I first heard of this book while listening to All Things Considered on NPR, as they interviewed author David Finch and his wife, Kristen. The conversation was so captivating that I requested a copy of the book as soon as we purchased it.
The Finch’s marriage had been tanking and their communication was abysmal, until one day Kristen, a speech therapist and autism expert, sat her husband down and asked him to honestly answer a series of seemingly strange questions. His score and its meaning surprised him, so Kristen offered to answer the same quiz and scored 8 out of a possible 200 points. Finch had earned 155 points, suggesting that he had Asperger Syndrome, a condition on the Autism spectrum.
While most people might feel set back by such a diagnosis, it was freeing for Finch. The problems that he was having in both his work and personal life had a name, and that emboldened him to make a conscientious effort to fix those problems.
Finch took notes on everything he needed to change about himself, notes that eventually became his Journal of Best Practices. Each best practice became a chapter in the book, and prompted him to remember things such as:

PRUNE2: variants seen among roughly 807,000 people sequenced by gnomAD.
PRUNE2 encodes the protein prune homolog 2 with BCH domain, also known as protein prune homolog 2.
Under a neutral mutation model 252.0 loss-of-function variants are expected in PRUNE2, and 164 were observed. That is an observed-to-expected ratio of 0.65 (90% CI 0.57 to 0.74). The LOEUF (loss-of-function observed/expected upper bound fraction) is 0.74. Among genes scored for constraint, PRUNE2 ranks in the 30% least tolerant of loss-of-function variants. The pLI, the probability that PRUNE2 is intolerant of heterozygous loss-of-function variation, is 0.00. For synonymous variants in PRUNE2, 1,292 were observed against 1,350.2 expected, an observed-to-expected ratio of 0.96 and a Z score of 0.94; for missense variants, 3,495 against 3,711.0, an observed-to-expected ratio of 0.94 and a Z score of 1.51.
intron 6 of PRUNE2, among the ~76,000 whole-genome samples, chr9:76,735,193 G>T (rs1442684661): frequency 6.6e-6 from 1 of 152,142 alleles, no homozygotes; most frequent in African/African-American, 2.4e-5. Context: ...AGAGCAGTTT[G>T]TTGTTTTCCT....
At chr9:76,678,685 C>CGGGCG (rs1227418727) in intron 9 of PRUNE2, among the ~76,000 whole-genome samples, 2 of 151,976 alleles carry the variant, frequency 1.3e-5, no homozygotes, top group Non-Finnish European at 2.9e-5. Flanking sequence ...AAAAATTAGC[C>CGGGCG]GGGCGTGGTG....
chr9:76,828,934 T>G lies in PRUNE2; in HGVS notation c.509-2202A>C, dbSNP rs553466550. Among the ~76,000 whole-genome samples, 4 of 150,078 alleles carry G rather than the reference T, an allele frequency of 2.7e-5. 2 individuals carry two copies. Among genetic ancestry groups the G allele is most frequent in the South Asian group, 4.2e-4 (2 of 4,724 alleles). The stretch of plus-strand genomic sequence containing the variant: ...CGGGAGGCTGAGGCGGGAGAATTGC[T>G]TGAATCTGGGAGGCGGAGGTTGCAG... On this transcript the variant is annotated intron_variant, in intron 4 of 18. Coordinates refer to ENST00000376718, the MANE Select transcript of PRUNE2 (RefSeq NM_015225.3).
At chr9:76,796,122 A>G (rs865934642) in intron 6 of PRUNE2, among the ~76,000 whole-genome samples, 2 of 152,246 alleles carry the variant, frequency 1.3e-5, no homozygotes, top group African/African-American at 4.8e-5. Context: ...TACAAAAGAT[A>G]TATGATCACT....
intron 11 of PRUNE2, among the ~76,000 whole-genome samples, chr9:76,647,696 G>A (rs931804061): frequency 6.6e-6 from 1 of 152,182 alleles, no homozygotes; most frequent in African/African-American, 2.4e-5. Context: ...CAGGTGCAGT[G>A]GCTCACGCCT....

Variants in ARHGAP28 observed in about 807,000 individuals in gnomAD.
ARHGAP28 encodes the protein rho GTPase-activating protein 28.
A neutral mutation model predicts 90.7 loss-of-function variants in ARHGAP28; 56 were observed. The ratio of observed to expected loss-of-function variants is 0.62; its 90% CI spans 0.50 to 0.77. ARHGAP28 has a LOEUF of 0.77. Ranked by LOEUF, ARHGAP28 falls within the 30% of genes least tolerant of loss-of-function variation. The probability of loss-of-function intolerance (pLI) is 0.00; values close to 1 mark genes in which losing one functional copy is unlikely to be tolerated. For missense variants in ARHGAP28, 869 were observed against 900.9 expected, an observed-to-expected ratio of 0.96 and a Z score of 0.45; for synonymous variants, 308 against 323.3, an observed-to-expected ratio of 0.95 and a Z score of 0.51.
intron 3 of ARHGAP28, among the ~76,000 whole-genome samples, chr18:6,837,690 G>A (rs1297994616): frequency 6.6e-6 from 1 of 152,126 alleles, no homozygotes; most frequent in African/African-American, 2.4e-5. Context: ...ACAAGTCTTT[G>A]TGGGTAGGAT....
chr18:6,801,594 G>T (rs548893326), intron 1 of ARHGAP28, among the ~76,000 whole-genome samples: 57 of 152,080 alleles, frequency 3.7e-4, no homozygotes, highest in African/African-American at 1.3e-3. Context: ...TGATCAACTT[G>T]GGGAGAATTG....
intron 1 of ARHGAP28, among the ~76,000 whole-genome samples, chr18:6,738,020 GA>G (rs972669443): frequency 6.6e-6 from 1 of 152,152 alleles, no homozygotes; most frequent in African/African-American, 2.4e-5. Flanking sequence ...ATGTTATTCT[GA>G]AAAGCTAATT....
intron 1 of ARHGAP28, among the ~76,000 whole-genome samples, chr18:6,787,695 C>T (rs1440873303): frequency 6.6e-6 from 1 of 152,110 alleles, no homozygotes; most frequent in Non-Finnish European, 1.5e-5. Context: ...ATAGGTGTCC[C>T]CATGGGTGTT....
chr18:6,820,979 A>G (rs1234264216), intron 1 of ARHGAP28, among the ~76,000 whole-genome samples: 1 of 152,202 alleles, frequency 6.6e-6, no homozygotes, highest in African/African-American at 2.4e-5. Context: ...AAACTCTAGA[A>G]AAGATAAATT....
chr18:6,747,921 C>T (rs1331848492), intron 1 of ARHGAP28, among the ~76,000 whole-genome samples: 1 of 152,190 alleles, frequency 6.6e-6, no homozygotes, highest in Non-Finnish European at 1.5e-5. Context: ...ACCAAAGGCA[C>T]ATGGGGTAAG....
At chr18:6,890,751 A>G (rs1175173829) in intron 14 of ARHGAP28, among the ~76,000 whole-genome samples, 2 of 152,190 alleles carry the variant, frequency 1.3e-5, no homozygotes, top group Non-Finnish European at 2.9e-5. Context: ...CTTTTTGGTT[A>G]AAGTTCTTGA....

• laundry: better to fold and put away than to take only what you need from the dryer,
• give Kristen time to shower without crowding her, and
• parties are supposed to be fun.
A lifestyle change is never easy, and this one was no exception. Some best practices were larger than others, and all took continued work on the part of Finch, and exceptional patience on the part of Kristen.
Finch tells his story with humor and grace, pointing out his flaws and showing how he worked through them. This is a really interesting (and fairly quick) read, and one that definitely helped me better understand Asperger Syndrome.